Style History- High Spanish Gothic (13th cent.)

7 Jun

With the gradual unification of the Spanish kingdoms, there was increased prosperity and artistic activity during the Gothic period (13th–mid-16th cent.). Castilian architecture was basically French-inspired, although a distinctly native taste can be felt in the proportions and more ornate decorative features. Outstanding examples include the cathedrals of Burgos, Toledo, and León, the last remarkable also for its stained glass. Catalan Gothic architecture, exemplified in the cathedrals at Barcelona and Palma de Majorca, made distinctive use of wide naves with two side aisles instead of the usual four; they have heavy interior buttresses and lateral chapels. At Girona the aisles were suppressed altogether, so that the cathedral had one of the widest vaulted spans of medieval Europe.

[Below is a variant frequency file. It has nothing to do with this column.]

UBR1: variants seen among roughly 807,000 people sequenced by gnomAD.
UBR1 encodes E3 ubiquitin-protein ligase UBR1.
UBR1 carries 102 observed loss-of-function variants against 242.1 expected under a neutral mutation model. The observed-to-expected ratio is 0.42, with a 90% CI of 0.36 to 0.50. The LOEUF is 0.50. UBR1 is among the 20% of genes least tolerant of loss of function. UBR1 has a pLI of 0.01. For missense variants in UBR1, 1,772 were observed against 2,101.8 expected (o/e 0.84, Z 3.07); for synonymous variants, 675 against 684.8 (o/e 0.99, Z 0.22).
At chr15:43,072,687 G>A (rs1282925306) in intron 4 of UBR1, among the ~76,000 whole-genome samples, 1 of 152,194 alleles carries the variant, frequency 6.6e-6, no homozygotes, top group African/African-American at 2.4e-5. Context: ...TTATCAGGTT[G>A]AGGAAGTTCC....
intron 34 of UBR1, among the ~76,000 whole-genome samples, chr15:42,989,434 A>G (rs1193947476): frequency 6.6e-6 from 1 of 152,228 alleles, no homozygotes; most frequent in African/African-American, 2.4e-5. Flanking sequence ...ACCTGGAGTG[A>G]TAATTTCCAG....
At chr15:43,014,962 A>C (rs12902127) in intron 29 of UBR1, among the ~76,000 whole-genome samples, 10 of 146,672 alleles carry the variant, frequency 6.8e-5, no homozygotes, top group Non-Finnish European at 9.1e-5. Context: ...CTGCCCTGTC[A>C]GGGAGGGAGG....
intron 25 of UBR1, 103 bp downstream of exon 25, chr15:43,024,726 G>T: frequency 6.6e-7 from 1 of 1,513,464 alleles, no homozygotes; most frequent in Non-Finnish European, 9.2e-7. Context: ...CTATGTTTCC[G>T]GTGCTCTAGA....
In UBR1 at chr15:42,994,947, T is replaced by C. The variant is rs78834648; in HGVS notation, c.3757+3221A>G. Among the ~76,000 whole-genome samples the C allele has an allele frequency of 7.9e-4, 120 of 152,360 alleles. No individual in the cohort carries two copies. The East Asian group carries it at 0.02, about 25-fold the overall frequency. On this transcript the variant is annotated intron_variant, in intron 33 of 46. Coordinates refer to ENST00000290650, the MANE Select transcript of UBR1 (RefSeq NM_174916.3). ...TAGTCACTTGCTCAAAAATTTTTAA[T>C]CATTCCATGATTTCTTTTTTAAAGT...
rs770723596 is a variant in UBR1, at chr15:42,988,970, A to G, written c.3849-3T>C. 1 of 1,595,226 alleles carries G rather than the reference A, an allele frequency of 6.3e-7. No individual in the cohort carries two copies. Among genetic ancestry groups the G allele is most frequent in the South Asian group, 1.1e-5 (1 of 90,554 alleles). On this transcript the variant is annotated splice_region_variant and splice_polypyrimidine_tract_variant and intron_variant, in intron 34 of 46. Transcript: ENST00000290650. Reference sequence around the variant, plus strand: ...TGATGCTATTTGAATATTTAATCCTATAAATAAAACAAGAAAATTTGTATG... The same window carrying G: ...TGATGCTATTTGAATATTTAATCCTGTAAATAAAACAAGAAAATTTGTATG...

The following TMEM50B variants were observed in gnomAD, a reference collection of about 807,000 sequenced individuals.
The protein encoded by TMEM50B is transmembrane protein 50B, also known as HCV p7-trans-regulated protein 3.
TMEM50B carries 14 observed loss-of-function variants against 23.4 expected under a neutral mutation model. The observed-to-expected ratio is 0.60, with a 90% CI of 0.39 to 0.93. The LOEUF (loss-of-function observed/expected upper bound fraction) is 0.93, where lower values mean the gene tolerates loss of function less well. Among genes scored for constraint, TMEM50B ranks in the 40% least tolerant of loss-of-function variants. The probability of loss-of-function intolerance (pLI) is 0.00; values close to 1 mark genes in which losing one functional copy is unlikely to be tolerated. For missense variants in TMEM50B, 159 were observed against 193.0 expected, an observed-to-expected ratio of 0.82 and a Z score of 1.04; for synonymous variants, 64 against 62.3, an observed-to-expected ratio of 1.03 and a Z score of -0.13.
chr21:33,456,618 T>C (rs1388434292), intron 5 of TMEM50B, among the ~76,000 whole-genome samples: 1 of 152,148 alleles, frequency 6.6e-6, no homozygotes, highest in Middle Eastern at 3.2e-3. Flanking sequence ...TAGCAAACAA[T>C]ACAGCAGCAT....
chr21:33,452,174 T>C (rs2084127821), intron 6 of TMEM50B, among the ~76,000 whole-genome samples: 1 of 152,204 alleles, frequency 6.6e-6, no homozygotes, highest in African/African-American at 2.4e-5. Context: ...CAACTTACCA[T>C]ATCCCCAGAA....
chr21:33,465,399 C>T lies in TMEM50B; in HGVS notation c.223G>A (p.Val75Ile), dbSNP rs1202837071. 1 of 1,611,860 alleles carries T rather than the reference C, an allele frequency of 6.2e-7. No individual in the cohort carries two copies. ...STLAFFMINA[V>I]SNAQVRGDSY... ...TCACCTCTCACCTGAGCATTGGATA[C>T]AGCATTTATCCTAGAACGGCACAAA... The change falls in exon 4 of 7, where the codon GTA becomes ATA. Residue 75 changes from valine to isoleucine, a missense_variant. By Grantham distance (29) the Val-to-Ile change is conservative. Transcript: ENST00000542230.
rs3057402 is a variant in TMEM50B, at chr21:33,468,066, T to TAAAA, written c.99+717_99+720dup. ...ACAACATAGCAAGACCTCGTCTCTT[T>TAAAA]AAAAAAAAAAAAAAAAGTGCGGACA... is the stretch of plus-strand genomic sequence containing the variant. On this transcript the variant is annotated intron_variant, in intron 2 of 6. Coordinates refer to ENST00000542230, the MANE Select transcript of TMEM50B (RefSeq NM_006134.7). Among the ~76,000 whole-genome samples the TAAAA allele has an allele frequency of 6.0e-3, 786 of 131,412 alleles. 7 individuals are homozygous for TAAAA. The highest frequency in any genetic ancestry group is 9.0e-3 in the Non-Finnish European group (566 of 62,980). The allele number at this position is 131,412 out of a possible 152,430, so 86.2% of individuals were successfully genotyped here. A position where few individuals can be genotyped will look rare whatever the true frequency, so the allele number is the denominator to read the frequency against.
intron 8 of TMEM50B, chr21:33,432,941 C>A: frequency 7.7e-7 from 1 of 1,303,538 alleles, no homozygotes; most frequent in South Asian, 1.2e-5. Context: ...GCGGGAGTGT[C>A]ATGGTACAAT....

The High Gothic arrives with all its strength through the Way of Saint James in the thirteenth century, with some of the most pure classical Gothic cathedrals, with German and French influence.

Cathedral of Burgos Cathedral of León Cathedral of León- Vaulting of the crossing
Cathedral of Toledo- tower shows Giralda Islamic influences. Cathedral of Toledo- Puerta de los leones (Door of the Lions). Cathedral of Toledo
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